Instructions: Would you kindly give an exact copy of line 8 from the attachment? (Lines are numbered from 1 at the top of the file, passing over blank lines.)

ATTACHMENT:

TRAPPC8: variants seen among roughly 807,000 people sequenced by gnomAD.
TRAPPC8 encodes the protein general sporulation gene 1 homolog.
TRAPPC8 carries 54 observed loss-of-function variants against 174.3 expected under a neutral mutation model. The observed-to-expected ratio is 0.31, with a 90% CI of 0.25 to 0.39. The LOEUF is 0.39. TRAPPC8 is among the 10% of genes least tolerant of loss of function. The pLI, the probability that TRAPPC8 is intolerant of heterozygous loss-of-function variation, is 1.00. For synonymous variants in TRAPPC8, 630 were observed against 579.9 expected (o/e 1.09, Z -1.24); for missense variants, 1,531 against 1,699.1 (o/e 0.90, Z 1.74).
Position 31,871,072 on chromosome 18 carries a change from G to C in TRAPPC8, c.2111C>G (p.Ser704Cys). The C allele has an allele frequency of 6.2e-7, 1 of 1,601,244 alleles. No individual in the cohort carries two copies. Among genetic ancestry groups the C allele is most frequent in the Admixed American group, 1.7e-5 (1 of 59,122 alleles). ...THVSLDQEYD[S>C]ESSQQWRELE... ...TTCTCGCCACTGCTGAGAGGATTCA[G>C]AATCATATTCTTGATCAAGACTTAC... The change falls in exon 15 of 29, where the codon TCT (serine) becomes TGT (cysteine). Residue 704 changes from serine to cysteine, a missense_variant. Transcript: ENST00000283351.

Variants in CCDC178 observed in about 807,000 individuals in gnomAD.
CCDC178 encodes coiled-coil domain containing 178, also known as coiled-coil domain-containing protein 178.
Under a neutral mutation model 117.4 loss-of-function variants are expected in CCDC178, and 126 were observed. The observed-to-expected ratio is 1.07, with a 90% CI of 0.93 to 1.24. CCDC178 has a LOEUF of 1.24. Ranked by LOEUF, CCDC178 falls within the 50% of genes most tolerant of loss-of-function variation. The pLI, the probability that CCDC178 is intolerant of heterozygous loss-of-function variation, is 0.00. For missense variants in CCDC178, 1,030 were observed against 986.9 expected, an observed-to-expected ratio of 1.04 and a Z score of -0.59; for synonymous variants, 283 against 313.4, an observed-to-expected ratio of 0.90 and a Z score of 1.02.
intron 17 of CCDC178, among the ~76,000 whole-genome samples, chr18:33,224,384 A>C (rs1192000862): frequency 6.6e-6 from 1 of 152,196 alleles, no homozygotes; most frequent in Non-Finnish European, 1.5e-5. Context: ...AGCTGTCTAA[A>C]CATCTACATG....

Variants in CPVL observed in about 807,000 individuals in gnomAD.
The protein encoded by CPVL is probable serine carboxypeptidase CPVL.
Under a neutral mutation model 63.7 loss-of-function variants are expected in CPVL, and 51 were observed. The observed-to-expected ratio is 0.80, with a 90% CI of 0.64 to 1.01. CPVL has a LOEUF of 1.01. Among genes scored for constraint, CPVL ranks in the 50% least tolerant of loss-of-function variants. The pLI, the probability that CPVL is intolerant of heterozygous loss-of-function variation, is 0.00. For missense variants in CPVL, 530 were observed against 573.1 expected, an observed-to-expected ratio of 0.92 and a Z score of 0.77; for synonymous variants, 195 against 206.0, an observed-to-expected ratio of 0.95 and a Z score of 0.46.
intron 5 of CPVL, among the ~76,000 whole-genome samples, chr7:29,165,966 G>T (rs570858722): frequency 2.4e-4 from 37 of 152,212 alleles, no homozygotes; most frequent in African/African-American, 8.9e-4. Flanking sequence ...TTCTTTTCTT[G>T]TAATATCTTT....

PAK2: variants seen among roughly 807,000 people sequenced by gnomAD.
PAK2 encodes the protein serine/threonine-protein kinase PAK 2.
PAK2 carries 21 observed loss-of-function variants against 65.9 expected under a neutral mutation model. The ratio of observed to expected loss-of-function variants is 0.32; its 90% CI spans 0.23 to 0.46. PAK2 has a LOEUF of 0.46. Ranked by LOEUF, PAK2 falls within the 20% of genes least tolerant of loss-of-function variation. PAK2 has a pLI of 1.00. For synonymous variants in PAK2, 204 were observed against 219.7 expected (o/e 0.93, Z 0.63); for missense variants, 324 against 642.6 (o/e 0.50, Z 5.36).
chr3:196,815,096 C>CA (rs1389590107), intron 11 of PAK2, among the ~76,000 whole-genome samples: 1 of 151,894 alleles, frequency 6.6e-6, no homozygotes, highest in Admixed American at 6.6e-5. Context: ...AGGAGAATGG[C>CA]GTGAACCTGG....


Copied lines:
intron 17 of CCDC178, among the ~76,000 whole-genome samples, chr18:33,224,384 A>C (rs1192000862): frequency 6.6e-6 from 1 of 152,196 alleles, no homozygotes; most frequent in Non-Finnish European, 1.5e-5. Context: ...AGCTGTCTAA[A>C]CATCTACATG....